Renters' insurance is an insurance policy which provides most of the benefits of homeowners' insurance. Renters' insurance does not include coverage for the dwelling, or structure, with the exception of small alterations that a tenant makes to the structure. This provides liability insurance. The tenant's personal property is covered against named perils such as fire, theft and vandalism. The owner of the building is responsible for insuring it, but bears no responsibility for the tenant's belongings.
Many large and medium-sized rental properties include a requirement in their lease that tenants hold renters' insurance. If the tenant damages the premises, the landlord and other tenants can recover against the perpetrator's insurance. Renters' insurance also informs the tenant that the landlord is not responsible for their belongings and that the tenant has coverage for them. But it is important to know what type of damage your insurance covers. Basically, there are three types of coverage available: loss of use, personal property, and personal liability.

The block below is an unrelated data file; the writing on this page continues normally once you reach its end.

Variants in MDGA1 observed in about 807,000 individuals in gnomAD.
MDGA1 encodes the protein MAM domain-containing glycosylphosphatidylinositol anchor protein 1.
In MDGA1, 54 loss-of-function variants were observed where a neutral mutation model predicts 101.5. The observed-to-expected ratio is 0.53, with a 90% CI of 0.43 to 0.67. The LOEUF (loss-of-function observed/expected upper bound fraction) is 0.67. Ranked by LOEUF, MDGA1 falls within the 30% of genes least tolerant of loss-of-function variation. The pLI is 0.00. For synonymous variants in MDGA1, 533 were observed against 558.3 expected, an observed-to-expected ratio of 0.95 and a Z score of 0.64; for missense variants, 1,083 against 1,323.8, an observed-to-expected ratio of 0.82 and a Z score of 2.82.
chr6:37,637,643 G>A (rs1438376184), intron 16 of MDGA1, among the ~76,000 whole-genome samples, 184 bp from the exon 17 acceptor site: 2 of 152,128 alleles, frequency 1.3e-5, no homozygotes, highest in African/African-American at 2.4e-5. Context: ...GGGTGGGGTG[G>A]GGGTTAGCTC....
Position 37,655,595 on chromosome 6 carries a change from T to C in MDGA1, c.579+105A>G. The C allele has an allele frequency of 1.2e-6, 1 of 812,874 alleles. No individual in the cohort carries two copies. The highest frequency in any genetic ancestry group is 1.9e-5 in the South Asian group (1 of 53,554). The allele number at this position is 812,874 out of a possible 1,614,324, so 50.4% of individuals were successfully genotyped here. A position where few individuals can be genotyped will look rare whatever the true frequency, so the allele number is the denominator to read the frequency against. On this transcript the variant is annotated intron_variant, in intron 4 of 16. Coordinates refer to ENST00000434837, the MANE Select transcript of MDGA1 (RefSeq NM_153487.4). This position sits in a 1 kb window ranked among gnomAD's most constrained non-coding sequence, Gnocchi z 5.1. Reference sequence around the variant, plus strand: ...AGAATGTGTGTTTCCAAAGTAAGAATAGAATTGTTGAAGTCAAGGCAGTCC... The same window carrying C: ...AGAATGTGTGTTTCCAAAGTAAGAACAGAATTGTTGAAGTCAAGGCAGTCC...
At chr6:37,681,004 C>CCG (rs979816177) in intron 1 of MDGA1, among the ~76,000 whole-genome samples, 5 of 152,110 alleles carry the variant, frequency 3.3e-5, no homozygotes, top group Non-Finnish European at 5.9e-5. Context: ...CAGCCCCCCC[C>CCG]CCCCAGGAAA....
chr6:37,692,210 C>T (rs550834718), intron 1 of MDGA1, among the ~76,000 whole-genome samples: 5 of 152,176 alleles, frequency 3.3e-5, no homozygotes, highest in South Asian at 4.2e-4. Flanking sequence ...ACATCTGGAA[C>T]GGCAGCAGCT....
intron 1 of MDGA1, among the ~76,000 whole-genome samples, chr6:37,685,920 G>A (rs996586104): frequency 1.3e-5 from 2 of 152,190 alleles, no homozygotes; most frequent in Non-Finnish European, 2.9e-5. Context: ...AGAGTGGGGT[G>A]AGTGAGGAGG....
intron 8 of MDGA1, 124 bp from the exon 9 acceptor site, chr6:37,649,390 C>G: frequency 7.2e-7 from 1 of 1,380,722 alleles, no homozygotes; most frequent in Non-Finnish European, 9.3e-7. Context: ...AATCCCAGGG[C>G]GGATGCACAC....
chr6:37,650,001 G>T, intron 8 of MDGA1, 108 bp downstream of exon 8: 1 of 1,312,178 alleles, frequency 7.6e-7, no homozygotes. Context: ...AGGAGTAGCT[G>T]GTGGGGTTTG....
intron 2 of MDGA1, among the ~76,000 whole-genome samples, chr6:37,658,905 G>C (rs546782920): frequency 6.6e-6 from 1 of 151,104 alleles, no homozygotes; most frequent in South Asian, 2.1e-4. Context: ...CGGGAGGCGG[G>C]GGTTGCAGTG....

Tracking renters' insurance
Multiple companies track renters' insurance in apartment complexes, by requiring the tenant to purchase insurance and maintaining a database of expiration dates, cancellations and similar information for the property owner/manager to use to ensure coverage for all units.
- "Requiring Renters Insurance?". American Rental Property Owners And Landlords Association. 2011-02-11. Retrieved 2012-08-06.
- Leshnower, Ron. "Renters Insurance FAQ". about.com. Retrieved 2012-08-07.
- "The Truth About Renters Insurance". Rentalchoice.com. Retrieved 2013-05-09.
- Narcisco, Eric (2012-07-17). "Why Should Property Owners, Property Managers, And Landlords Require Renters Insurance?". Effective Coverage. Retrieved 2014-01-02.